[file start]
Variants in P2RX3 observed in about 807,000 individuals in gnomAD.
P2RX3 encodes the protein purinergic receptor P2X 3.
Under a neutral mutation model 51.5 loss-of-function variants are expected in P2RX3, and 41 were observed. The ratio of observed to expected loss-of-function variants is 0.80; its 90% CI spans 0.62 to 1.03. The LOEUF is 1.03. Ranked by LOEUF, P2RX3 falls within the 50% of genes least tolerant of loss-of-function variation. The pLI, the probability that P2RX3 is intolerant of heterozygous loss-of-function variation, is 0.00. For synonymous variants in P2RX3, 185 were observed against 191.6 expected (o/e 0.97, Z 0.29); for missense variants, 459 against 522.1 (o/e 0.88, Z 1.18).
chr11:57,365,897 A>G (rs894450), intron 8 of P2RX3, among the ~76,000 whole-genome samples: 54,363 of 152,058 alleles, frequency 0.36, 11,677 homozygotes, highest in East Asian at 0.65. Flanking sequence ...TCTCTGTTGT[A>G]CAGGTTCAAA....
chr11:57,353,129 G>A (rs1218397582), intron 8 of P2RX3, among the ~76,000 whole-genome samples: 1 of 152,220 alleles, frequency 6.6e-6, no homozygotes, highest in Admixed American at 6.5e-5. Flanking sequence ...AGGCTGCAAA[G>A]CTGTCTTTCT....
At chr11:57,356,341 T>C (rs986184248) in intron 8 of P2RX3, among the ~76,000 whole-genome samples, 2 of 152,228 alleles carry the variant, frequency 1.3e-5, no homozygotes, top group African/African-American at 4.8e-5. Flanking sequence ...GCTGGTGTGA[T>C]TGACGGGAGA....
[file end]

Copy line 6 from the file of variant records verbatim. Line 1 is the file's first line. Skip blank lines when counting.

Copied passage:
At chr11:57,356,341 T>C (rs986184248) in intron 8 of P2RX3, among the ~76,000 whole-genome samples, 2 of 152,228 alleles carry the variant, frequency 1.3e-5, no homozygotes, top group African/African-American at 4.8e-5. Flanking sequence ...GCTGGTGTGA[T>C]TGACGGGAGA....